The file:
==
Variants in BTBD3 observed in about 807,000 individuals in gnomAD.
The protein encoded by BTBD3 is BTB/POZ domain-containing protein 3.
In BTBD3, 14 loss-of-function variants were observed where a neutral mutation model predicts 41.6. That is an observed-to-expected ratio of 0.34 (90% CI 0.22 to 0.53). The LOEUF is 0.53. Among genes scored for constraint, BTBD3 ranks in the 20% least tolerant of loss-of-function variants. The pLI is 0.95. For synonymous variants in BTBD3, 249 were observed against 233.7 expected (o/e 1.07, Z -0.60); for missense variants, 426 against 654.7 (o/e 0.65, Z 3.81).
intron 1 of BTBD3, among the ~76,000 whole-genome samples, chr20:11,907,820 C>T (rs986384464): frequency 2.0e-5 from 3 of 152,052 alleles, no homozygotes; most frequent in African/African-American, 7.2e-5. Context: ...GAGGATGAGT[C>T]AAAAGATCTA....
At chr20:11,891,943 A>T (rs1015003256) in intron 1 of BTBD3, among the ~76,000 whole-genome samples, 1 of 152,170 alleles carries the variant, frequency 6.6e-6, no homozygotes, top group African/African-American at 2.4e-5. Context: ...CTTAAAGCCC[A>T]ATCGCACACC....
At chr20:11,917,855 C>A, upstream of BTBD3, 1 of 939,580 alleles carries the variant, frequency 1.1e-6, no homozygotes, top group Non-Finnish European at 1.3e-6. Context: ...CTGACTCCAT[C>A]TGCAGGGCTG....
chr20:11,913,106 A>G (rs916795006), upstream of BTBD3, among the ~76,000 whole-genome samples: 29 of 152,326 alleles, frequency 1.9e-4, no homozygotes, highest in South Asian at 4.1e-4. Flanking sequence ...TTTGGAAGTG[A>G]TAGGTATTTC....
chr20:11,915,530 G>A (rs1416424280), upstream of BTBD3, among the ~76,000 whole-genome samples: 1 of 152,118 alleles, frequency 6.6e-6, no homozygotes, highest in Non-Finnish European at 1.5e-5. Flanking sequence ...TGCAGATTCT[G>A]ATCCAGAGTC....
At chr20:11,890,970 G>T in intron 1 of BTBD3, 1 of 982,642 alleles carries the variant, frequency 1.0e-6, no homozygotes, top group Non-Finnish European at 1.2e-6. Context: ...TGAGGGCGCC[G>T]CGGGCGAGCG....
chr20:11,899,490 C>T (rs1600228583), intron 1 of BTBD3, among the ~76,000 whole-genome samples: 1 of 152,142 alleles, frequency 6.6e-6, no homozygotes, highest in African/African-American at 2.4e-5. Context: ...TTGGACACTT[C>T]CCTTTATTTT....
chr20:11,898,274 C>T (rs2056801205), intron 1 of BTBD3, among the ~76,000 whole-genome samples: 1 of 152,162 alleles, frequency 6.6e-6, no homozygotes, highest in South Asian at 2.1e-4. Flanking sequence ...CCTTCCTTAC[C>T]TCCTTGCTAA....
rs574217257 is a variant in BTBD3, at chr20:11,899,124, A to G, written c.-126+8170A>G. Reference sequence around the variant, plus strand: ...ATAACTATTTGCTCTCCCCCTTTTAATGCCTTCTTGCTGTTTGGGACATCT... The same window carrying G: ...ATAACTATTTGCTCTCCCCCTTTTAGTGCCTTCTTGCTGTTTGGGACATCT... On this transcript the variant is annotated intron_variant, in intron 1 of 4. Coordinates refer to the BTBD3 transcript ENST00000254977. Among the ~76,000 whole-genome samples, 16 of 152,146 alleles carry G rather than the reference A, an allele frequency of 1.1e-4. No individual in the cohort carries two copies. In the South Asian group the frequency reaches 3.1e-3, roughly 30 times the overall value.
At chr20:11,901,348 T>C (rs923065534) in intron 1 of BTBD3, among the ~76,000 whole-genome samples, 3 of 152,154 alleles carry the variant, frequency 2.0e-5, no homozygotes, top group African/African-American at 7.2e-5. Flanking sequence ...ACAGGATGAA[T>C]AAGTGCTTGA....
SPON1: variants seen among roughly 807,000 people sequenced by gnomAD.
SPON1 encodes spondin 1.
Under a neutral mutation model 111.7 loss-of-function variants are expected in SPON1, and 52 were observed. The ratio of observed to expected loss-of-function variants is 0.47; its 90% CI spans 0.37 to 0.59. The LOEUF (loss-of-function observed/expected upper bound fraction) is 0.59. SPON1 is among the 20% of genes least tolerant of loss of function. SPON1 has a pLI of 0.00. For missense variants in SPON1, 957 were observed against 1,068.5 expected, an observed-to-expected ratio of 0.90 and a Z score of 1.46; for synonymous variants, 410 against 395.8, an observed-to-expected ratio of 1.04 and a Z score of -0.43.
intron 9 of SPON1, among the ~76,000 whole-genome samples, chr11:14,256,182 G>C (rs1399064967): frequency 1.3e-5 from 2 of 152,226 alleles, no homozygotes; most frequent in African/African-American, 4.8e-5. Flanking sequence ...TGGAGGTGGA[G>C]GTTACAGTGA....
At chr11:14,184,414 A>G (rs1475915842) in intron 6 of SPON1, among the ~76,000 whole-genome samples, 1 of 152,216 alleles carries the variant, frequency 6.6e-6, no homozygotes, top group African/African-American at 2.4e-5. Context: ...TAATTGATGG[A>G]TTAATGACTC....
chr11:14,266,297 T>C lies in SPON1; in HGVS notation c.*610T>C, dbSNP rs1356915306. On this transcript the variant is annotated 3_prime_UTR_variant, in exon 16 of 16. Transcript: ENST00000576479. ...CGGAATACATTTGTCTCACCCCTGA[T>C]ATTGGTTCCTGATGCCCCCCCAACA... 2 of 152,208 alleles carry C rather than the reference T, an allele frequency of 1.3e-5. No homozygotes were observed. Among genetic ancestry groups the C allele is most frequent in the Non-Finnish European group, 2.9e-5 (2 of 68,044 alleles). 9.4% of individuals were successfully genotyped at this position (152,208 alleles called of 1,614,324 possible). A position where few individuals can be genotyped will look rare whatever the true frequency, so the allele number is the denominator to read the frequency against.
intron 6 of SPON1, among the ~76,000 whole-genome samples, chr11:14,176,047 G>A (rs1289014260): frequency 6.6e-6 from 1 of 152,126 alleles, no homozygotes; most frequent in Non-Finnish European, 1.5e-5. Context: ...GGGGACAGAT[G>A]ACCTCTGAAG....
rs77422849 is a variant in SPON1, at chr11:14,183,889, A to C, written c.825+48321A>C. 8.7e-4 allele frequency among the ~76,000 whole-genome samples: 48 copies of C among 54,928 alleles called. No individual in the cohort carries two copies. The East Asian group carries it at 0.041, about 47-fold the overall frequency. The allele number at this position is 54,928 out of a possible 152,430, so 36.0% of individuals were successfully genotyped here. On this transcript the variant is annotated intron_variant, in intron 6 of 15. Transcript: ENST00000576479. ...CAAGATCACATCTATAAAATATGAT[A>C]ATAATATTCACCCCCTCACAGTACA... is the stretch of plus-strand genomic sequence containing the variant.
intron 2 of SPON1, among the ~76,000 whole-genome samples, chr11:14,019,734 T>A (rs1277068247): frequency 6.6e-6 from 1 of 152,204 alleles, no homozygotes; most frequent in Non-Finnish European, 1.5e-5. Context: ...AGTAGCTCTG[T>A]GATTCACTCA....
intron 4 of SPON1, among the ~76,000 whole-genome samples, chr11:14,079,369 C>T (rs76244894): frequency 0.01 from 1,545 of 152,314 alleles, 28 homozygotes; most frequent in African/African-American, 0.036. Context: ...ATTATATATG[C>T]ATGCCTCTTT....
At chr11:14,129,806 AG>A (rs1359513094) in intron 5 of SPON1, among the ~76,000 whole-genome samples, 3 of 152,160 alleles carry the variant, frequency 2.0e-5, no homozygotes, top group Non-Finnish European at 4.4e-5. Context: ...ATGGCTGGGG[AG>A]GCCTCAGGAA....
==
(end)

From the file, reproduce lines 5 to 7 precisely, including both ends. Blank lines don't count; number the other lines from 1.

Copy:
At chr20:11,891,943 A>T (rs1015003256) in intron 1 of BTBD3, among the ~76,000 whole-genome samples, 1 of 152,170 alleles carries the variant, frequency 6.6e-6, no homozygotes, top group African/African-American at 2.4e-5. Context: ...CTTAAAGCCC[A>T]ATCGCACACC....
At chr20:11,917,855 C>A, upstream of BTBD3, 1 of 939,580 alleles carries the variant, frequency 1.1e-6, no homozygotes, top group Non-Finnish European at 1.3e-6. Context: ...CTGACTCCAT[C>A]TGCAGGGCTG....
chr20:11,913,106 A>G (rs916795006), upstream of BTBD3, among the ~76,000 whole-genome samples: 29 of 152,326 alleles, frequency 1.9e-4, no homozygotes, highest in South Asian at 4.1e-4. Flanking sequence ...TTTGGAAGTG[A>G]TAGGTATTTC....